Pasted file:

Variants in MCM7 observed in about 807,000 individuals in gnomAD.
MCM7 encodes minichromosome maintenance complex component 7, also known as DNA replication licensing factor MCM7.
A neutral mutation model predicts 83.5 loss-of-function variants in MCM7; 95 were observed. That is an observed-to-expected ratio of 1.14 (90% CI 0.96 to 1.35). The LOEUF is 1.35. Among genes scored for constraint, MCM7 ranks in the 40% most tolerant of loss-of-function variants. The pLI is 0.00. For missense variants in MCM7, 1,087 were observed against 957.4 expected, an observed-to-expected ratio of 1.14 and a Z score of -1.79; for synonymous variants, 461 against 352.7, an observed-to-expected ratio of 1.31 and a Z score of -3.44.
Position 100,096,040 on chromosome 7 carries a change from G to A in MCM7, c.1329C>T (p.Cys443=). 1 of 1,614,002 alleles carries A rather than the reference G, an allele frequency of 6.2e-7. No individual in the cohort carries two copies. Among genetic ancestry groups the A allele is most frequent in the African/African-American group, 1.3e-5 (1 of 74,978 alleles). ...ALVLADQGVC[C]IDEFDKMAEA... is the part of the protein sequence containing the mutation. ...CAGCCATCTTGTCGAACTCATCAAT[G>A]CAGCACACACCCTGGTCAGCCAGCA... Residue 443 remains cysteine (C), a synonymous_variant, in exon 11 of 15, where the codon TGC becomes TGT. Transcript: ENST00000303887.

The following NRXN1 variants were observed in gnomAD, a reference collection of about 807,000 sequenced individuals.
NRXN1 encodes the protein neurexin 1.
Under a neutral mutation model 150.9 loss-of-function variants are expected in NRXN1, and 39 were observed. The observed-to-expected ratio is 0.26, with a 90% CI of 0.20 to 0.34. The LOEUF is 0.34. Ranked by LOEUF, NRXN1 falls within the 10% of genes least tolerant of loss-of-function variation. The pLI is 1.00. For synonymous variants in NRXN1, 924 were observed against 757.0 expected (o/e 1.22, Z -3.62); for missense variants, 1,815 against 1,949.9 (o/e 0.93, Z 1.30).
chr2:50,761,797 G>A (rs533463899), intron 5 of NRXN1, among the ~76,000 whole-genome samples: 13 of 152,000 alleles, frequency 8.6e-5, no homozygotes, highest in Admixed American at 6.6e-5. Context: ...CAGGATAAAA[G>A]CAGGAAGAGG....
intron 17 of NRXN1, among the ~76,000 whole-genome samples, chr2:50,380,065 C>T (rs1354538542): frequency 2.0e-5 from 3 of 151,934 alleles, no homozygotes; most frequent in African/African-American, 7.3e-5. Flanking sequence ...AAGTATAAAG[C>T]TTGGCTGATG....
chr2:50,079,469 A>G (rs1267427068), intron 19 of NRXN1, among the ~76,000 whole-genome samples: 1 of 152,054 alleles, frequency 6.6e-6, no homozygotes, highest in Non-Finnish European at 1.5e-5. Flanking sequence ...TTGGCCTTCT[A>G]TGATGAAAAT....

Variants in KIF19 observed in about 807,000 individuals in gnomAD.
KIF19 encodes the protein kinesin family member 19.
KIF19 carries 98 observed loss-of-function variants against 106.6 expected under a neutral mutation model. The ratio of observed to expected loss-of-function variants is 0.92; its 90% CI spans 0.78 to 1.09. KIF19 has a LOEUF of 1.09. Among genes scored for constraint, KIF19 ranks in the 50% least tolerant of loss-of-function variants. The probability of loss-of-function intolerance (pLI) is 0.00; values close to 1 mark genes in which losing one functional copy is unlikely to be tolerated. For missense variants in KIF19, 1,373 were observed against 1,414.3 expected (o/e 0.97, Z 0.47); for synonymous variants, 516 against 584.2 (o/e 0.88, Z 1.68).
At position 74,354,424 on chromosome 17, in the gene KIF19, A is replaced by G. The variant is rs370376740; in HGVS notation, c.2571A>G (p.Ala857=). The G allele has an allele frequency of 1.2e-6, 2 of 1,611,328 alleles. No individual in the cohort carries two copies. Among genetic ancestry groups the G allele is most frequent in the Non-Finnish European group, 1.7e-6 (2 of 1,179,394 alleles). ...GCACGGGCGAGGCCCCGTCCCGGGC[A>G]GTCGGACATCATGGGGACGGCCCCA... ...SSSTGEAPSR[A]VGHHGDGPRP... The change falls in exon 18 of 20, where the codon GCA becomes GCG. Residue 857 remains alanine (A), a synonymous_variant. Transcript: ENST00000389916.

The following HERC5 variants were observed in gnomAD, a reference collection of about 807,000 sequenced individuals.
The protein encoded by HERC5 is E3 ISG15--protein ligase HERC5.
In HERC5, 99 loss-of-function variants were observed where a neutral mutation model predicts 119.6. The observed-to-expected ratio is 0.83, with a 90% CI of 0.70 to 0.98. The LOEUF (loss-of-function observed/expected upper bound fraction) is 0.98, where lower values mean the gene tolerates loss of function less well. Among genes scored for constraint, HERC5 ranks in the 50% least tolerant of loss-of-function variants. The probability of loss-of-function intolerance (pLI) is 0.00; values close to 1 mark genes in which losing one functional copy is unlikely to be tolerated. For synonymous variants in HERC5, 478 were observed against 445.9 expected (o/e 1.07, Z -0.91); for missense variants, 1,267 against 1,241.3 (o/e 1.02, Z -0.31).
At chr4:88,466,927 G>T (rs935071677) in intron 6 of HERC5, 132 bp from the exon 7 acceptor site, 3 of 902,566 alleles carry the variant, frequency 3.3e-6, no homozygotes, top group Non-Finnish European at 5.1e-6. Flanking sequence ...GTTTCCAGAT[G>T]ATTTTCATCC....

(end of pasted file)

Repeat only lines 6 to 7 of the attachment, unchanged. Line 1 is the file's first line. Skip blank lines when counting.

NRXN1 encodes the protein neurexin 1.
Under a neutral mutation model 150.9 loss-of-function variants are expected in NRXN1, and 39 were observed. The observed-to-expected ratio is 0.26, with a 90% CI of 0.20 to 0.34. The LOEUF is 0.34. Ranked by LOEUF, NRXN1 falls within the 10% of genes least tolerant of loss-of-function variation. The pLI is 1.00. For synonymous variants in NRXN1, 924 were observed against 757.0 expected (o/e 1.22, Z -3.62); for missense variants, 1,815 against 1,949.9 (o/e 0.93, Z 1.30).